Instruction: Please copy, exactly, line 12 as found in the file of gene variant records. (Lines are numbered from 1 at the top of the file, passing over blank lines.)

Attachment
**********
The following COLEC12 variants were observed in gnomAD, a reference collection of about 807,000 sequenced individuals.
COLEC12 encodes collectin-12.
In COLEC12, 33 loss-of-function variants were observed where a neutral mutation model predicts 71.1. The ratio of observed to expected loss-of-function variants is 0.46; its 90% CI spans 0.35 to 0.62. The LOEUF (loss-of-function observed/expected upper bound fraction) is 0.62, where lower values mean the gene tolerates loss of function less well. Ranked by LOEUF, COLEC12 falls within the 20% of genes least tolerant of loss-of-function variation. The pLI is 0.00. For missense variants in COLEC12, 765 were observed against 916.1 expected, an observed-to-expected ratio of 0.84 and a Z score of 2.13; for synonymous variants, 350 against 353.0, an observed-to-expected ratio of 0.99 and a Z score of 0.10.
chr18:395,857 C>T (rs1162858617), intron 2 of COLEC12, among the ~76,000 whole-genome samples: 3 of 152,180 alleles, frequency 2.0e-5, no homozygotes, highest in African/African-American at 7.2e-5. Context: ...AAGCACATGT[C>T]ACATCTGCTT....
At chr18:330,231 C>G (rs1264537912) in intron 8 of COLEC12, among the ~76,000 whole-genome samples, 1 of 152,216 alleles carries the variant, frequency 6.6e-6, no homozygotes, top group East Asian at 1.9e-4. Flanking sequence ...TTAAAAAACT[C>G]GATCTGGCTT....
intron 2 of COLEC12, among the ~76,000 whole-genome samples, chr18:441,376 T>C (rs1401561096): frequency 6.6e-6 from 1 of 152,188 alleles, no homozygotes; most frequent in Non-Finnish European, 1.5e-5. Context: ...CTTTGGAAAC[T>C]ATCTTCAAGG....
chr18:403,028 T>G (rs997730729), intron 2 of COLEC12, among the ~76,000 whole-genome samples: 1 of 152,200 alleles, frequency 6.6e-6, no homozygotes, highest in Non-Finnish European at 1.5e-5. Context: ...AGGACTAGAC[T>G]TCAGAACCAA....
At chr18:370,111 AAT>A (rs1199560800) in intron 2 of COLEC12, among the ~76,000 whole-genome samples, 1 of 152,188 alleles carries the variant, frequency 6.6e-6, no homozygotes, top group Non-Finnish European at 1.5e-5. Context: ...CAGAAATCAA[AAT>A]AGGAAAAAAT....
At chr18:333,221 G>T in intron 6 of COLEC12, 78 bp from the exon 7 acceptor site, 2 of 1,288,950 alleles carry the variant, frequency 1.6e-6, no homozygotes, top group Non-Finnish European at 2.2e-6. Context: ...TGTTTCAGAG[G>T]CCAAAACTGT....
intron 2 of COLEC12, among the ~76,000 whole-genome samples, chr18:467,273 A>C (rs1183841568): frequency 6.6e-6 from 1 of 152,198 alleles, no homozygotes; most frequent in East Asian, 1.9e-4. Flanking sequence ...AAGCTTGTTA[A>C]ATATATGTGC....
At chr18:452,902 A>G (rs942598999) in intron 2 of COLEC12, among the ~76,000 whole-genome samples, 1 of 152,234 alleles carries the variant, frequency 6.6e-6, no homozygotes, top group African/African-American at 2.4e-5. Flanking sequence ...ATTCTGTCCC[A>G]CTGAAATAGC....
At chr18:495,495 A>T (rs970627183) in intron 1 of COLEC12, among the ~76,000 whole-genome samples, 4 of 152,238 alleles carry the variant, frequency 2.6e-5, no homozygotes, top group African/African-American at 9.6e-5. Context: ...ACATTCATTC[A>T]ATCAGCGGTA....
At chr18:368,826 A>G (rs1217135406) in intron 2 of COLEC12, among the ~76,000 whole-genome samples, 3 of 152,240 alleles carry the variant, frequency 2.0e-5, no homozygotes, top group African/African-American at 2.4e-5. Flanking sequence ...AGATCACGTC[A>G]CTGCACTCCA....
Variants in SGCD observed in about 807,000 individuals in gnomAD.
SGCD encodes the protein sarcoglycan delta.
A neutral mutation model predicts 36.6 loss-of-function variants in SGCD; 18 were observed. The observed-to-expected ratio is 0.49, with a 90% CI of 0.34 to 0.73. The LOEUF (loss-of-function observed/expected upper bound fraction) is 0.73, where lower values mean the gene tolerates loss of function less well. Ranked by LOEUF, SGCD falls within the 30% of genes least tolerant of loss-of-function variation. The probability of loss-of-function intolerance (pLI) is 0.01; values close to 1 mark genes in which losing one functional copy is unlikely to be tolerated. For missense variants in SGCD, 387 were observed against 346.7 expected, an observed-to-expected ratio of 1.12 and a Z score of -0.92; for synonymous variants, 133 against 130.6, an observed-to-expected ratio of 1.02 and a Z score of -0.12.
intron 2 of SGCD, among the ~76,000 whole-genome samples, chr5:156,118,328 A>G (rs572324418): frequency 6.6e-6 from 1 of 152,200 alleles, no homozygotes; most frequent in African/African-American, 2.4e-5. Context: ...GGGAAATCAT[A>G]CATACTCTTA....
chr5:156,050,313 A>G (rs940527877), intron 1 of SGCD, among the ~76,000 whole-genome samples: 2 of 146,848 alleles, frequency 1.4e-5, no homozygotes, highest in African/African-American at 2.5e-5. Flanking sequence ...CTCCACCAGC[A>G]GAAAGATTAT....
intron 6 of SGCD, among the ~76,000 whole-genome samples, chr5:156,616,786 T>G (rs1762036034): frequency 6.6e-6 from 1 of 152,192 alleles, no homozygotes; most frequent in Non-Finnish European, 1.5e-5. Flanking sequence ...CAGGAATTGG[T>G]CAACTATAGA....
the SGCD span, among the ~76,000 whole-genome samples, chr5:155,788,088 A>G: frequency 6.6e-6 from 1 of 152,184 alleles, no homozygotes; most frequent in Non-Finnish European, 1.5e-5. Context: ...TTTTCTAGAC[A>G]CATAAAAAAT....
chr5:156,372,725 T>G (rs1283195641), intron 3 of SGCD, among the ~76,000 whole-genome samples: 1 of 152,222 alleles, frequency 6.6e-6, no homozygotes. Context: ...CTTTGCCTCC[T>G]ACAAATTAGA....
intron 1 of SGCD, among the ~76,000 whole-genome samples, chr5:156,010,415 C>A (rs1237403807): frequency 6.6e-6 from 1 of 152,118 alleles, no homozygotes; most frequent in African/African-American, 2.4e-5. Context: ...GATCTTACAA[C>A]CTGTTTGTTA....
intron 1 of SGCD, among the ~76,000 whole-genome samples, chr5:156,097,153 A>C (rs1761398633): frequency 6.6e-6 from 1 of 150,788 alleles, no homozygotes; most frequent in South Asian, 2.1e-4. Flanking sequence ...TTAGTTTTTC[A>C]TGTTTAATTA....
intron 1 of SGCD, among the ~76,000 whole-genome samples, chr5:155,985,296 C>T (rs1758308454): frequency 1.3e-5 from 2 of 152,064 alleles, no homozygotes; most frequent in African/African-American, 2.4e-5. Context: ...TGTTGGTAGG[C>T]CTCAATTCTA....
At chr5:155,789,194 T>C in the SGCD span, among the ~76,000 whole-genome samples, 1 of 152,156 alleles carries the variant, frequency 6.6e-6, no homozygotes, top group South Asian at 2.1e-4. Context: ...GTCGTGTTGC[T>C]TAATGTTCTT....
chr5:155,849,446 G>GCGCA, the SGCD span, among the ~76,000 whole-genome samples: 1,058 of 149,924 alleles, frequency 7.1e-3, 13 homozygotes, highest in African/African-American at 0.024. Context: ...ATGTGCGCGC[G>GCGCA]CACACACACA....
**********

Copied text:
At chr18:495,495 A>T (rs970627183) in intron 1 of COLEC12, among the ~76,000 whole-genome samples, 4 of 152,238 alleles carry the variant, frequency 2.6e-5, no homozygotes, top group African/African-American at 9.6e-5. Context: ...ACATTCATTC[A>T]ATCAGCGGTA....